Concerns over the fate of fashion executive Vittorio Missoni and prospects for the economy weighed on the opening of Milan’s menswear shows, where designers used all shades of gray for their austere 2013 autumn/winter collections.
The founder of menswear maker Corneliani kicked off the first show of the Milan fashion season on Saturday with a message for Missoni, whose plane disappeared off Venezuela a week ago.
“We want to show our solidarity to the Missoni family on the first day of the fashion week,” company founder Carlo Alberto Corneliani said over a loudspeaker before the event started.
A small twin-engine aircraft carrying Missoni, 58, his wife Maurizia Castiglioni, another couple and two Venezuelan crew went missing on Jan. 4 after taking off from the Caribbean island resort of Los Roques. The Missoni group decided to go ahead with its show yesterday, but the family was unlikely to attend.
Media reported on Saturday that the location where the plane disappeared may have been found, but it was not possible to get an immediate comment from Italy’s foreign ministry.
Italy’s luxury goods industry is set to continue to outperform other sectors this year, according to analysts, helped by the appetite of wealthy Asian shoppers.
However, prospects for the economy remain as gloomy as the cloudy skies under which hundreds of fashion critics and buyers rushed to watch the menswear proposals for next winter.
Orders of Italian menswear for this year’s spring/summer season have fallen 8 percent, Italy’s textile and fashion body Sistema Moda Italia (SMI) said. Over half of domestic menswear manufacturers polled by SMI said they saw no sign of improvement this year, while the remaining 44 percent said they were preparing for deterioration.
An austere elegance reigned on the catwalks on Saturday, where designers like Dolce & Gabbana and Ermenegildo Zegna worked a gray palette for their collections.
Europe is still the biggest market for Italian menswear, but sales fell 2.7 percent in France and up to 7 percent in Spain in the first nine months of last year, SMI said.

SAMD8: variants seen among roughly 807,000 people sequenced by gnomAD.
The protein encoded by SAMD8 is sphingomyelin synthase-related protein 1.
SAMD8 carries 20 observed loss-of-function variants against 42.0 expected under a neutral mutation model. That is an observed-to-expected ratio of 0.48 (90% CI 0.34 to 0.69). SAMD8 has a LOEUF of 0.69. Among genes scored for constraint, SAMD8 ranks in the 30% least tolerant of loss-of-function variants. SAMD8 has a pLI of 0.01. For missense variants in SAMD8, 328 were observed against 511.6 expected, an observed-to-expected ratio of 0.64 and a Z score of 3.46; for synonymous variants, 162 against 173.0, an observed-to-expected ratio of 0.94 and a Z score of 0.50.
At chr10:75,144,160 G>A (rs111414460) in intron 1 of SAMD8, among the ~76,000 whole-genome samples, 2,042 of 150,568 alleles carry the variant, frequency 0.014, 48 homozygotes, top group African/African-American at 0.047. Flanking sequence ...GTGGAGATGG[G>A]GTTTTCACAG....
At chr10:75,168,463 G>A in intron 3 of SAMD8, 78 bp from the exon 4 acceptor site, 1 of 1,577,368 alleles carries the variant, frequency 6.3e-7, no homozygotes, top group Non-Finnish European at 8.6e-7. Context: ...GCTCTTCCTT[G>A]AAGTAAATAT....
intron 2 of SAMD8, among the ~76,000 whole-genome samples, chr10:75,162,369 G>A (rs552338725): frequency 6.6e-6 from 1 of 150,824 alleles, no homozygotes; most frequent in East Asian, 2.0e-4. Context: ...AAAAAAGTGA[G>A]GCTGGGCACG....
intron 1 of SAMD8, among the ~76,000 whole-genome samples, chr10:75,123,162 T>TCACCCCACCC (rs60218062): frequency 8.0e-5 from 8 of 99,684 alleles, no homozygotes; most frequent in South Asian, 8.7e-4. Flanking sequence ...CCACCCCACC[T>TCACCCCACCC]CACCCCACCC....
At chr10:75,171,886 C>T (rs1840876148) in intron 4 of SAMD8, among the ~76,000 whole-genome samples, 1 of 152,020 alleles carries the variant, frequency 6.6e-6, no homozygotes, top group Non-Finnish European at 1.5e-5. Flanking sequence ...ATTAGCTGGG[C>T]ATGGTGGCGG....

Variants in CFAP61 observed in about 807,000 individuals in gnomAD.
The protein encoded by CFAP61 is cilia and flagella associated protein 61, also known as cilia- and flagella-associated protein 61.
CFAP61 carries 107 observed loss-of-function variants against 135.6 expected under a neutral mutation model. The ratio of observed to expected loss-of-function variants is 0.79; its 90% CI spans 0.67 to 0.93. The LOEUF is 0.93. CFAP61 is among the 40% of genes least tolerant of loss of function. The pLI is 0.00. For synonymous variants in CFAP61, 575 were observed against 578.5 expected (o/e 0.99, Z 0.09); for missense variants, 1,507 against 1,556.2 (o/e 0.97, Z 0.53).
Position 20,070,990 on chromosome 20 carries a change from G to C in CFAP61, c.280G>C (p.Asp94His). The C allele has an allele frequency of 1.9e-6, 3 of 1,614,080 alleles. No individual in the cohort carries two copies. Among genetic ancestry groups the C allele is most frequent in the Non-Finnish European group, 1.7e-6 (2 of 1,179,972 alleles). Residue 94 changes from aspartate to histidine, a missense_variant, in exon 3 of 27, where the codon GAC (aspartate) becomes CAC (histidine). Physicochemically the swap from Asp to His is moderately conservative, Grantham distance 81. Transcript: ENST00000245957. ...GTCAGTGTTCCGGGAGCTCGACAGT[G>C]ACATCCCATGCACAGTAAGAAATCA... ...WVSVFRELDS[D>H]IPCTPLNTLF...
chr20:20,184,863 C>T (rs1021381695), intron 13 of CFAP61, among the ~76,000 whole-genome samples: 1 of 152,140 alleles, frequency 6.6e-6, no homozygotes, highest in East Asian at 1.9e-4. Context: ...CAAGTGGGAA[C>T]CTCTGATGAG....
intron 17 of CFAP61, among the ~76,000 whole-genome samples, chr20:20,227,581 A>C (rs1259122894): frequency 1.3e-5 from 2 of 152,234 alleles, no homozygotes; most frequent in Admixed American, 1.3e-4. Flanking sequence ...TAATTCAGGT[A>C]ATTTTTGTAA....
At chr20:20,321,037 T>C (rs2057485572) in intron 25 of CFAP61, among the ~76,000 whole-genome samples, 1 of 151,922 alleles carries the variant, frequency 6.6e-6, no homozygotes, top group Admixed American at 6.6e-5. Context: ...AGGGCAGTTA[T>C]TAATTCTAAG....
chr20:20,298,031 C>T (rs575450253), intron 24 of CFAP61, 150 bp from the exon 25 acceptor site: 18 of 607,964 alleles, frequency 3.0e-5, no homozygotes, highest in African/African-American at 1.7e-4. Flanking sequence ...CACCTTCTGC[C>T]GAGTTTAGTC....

“I thought of men who keep their feet on the ground, are rigorous, love clean cuts and precious sartorial details,” designer Anna Zegna told reporters backstage at the show.
Traditional coats in lightweight and soft spazzolino, the alpaca fabric launched by Zegna’s Agnona brand in the 1970s, were worn over double-breasted suits.
Gray coats returned at glamorous Dolce & Gabbana, where Sicilian boys strutted the catwalk like professional models.
Coats found their natural home at British house Burberry, where creative head Christopher Bailey worked every possible material for his youthful collection.
The fashion houses streamed their shows online to entice a growing number of customers who shop on their smartphones.
Online Web sites and outlets are the only places in Italy where menswear sales have risen last year, according to SMI.
However, this growing divide between virtual and real stores is forcing houses to reinvent their shops to lure back customers.
“The digital world is a very important tool, but it doesn’t have to be idealized,” Burberry chief executive Angela Ahrendts told reporters at the show. “We are opening stores too,” she said.
The Milan shows end tomorrow.
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